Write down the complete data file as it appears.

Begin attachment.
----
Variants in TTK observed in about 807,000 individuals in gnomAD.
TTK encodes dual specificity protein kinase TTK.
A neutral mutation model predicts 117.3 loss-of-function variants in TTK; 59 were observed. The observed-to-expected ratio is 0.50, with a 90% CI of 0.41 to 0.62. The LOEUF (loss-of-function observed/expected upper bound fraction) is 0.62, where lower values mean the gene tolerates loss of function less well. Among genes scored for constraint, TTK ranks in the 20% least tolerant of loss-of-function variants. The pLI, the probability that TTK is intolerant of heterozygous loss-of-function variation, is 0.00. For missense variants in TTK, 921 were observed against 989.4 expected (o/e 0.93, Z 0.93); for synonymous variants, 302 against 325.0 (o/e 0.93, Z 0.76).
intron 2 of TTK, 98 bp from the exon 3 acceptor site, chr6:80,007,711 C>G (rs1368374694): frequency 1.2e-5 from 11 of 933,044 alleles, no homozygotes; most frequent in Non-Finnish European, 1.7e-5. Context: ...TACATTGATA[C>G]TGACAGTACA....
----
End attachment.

Variants in TTK observed in about 807,000 individuals in gnomAD.
TTK encodes dual specificity protein kinase TTK.
A neutral mutation model predicts 117.3 loss-of-function variants in TTK; 59 were observed. The observed-to-expected ratio is 0.50, with a 90% CI of 0.41 to 0.62. The LOEUF (loss-of-function observed/expected upper bound fraction) is 0.62, where lower values mean the gene tolerates loss of function less well. Among genes scored for constraint, TTK ranks in the 20% least tolerant of loss-of-function variants. The pLI, the probability that TTK is intolerant of heterozygous loss-of-function variation, is 0.00. For missense variants in TTK, 921 were observed against 989.4 expected (o/e 0.93, Z 0.93); for synonymous variants, 302 against 325.0 (o/e 0.93, Z 0.76).
intron 2 of TTK, 98 bp from the exon 3 acceptor site, chr6:80,007,711 C>G (rs1368374694): frequency 1.2e-5 from 11 of 933,044 alleles, no homozygotes; most frequent in Non-Finnish European, 1.7e-5. Context: ...TACATTGATA[C>G]TGACAGTACA....